Although I’m a girl who loves coffee shops, department stores and the bustle of a good size town or city, I also need an outdoor fix sometimes. There is just something about being in the forests and mountains that appeals to me, soothes me. So, I consider myself very lucky indeed to live just a hop away from beautiful Winterberg.
Winterberg isn’t a place I’d heard of, prior to our move to Germany. Located in the Sauerland region and nestled in the Rothaar mountains, the area is a major winter sports resort. The Germans and Dutch have caught on to what a gem of a place this is, the Brits not so much. Maybe that’s part of its appeal (says the British girl, tongue firmly in cheek.) The geography makes this area brilliant for winter sports, hiking, mountain biking and has also lent itself brilliantly to one of my favourite family attractions, Panorama Erlebnis Brucke or the panorama bridge.
At twenty metres high and around four hundred in length, the bridge invites you to experience, Sport und Action aus der Vogelperspektive, the bird’s eye view. Looking out from the bridge you’ll certainly get some amazing views, even on a dull or rainy day. And it’s not just the scenery, lovely as that is. From the bridge you’ll have a great view of the bike park and the mountain bikers hurtling down the biketrack at devil-may-care speeds. Our five-year old was equally as fascinated watching them come back up on a ski lift adapted to carry both bikes and bikers.
The bridge also makes a great vantage point to look down onto the forest, and from above its fairly easy to spot deer. There’s something charming about catching sight of one…..but if you do spot one, look twice. There are many – convincing-wooden cut outs dotted about the trees. If it moves, you know you’ve spotted the real deal!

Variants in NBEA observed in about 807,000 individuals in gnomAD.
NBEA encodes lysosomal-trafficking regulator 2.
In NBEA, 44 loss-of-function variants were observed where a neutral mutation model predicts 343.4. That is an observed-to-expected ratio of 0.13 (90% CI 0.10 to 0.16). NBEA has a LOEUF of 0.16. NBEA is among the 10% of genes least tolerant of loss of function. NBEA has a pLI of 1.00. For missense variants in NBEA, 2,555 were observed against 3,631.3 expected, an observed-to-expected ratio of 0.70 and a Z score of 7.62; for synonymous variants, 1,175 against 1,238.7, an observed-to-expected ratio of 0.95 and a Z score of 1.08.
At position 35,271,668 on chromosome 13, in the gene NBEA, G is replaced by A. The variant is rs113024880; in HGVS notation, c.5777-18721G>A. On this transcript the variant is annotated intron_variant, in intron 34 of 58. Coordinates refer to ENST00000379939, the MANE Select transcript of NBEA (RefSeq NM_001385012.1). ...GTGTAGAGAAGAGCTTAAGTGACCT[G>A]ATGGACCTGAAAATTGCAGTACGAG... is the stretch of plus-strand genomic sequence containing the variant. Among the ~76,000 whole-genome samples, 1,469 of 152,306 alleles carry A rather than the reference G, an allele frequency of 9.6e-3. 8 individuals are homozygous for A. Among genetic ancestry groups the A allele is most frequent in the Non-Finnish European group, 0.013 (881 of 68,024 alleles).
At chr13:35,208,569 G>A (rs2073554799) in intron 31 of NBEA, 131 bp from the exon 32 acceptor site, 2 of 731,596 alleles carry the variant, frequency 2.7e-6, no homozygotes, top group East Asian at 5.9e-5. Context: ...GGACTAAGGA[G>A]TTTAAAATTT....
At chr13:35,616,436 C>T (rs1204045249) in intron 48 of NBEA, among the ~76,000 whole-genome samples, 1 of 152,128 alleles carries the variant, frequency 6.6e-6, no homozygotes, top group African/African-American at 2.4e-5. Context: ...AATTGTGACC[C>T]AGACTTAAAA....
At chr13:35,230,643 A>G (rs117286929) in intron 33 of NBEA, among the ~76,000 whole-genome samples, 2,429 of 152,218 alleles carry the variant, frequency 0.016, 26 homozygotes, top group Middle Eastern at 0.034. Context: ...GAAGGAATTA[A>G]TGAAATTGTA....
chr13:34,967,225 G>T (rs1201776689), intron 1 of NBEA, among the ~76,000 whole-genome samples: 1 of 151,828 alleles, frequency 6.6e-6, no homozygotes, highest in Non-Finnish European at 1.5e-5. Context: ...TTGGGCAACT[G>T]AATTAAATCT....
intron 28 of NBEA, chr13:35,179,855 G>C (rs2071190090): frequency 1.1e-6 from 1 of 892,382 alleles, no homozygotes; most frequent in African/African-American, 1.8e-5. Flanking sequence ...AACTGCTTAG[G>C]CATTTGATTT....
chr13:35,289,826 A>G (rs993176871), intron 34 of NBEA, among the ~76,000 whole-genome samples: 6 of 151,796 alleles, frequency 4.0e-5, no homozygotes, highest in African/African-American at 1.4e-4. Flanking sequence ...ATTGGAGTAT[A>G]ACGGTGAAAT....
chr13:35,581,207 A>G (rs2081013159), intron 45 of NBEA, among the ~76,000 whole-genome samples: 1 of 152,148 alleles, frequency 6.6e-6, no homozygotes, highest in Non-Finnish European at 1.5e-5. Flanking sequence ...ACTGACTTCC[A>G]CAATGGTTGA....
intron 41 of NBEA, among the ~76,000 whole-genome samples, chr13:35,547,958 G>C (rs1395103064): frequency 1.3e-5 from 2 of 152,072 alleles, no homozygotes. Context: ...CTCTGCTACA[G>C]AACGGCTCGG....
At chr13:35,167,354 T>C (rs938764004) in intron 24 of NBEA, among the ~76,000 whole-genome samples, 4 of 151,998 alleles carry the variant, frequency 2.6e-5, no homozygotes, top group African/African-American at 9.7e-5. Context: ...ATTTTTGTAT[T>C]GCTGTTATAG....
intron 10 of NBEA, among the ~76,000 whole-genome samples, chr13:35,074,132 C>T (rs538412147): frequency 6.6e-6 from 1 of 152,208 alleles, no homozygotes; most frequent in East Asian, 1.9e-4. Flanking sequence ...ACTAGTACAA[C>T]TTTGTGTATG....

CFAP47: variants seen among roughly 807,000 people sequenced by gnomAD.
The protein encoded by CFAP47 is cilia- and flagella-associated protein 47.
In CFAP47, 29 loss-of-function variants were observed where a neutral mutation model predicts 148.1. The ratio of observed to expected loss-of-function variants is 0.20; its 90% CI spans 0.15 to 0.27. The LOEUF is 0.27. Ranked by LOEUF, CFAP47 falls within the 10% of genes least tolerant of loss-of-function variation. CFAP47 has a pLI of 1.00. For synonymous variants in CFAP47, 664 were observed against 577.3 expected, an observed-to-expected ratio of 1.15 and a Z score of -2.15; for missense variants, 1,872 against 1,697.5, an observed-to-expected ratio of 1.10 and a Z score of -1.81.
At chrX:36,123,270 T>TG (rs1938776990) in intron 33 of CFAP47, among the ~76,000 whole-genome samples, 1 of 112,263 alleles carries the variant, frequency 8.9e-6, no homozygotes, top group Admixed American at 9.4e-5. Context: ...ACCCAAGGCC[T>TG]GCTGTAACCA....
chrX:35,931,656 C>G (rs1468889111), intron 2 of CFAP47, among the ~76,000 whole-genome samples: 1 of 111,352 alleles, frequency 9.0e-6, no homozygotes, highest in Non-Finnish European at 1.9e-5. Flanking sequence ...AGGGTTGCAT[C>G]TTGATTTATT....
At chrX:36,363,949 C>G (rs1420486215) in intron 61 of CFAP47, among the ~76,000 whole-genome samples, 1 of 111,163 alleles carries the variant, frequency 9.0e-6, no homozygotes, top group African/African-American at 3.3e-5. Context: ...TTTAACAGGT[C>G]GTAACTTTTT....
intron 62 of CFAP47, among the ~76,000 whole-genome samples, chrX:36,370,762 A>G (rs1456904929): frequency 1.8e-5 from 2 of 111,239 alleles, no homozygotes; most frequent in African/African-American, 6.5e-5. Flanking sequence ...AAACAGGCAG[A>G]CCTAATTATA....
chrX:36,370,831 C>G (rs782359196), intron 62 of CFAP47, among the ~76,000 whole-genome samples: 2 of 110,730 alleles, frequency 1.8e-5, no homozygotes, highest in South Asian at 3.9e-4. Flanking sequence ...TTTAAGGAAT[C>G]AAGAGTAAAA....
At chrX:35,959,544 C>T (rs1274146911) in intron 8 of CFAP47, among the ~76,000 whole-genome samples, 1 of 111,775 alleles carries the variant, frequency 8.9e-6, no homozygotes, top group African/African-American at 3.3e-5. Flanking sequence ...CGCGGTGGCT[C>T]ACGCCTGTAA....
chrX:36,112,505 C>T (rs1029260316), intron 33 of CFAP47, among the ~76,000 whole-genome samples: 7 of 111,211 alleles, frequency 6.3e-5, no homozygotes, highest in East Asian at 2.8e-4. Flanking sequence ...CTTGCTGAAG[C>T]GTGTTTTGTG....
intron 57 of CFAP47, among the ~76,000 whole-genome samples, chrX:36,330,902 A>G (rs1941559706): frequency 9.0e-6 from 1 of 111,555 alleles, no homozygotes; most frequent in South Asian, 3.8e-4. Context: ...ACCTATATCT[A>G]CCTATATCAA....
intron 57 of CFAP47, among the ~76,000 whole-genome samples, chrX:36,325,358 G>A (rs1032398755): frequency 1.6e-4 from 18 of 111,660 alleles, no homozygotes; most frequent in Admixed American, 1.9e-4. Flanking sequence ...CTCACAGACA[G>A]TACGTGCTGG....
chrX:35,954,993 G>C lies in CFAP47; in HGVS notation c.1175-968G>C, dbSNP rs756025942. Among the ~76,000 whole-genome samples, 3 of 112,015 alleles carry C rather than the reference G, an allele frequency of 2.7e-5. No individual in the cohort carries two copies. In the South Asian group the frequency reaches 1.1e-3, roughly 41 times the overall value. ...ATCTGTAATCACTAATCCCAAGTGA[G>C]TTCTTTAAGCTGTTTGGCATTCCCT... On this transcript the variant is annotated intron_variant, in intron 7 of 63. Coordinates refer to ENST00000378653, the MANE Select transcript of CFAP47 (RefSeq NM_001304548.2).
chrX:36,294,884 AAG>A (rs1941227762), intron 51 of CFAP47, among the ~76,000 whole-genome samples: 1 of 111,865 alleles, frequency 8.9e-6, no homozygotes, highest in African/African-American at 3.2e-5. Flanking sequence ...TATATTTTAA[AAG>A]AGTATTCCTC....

Along the length of the bridge you’ll encounter obstacles to test your strength and nerve. I guess these are primarily aimed at younger visitors, but also for the young at heart. My husband gave them his best effort encouraged by our youngest to, ‘get yourself in there, Dad!’.
Given that these obstacles include a net bridge over the top of the walk, a line of swinging steps and a metal tunnel that runs across and under the bridge, they take more nerve (and flexibility) than you might initially think…..all good fun though, and you can skip them and just enjoy an elevated stroll if you’d rather.
What goes up, must come down. The quickest and dare I say most fun route off a twenty metre high bridge? Giant tube slide, of course. The bridge ends with a forty metre long, twisting tube. There are stairs as well if the slide doesn’t appeal. If you have the energy you can re-climb the aforementioned stairs and slide down again….and again….and again.
If all the fresh air, view admiring, obstacle tackling, climbing and sliding leaves you in need of refreshment ( or if, like me, you just think it’s always a good time for coffee and cake) you will find a charming café at the entrance to the bridge, filled with wooden furniture and charming Alpine touches like the carved boots and bag that meet you at the door. It makes for a lovely way to round off a visit to the bridge. Or venture into Winterberg itself, where you’ll find no shortage of places to eat and drink.
We plan to return to Winterberg soon when the ski season is upon us, I look forward to bringing you a blog post about that. It’s a place that has so much to offer.
Until next time,